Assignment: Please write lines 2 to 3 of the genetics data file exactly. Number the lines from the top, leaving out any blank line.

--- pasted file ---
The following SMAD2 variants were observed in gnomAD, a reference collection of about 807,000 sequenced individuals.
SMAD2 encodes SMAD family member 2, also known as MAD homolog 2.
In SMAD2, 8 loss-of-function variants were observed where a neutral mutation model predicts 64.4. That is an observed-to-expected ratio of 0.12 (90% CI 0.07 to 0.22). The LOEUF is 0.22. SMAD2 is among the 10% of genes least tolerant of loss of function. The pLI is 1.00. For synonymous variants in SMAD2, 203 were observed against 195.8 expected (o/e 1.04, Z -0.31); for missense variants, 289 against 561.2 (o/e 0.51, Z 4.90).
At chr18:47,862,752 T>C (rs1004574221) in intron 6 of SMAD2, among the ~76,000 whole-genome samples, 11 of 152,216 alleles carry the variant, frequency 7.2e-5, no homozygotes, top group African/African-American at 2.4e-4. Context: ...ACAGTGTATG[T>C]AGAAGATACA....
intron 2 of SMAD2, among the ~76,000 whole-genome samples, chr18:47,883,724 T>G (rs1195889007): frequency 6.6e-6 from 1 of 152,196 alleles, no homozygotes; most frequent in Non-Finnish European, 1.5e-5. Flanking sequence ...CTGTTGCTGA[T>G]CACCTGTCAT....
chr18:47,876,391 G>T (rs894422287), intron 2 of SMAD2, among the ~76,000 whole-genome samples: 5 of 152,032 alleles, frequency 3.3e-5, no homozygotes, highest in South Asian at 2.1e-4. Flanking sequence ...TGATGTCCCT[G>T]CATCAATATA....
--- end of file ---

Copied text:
SMAD2 encodes SMAD family member 2, also known as MAD homolog 2.
In SMAD2, 8 loss-of-function variants were observed where a neutral mutation model predicts 64.4. That is an observed-to-expected ratio of 0.12 (90% CI 0.07 to 0.22). The LOEUF is 0.22. SMAD2 is among the 10% of genes least tolerant of loss of function. The pLI is 1.00. For synonymous variants in SMAD2, 203 were observed against 195.8 expected (o/e 1.04, Z -0.31); for missense variants, 289 against 561.2 (o/e 0.51, Z 4.90).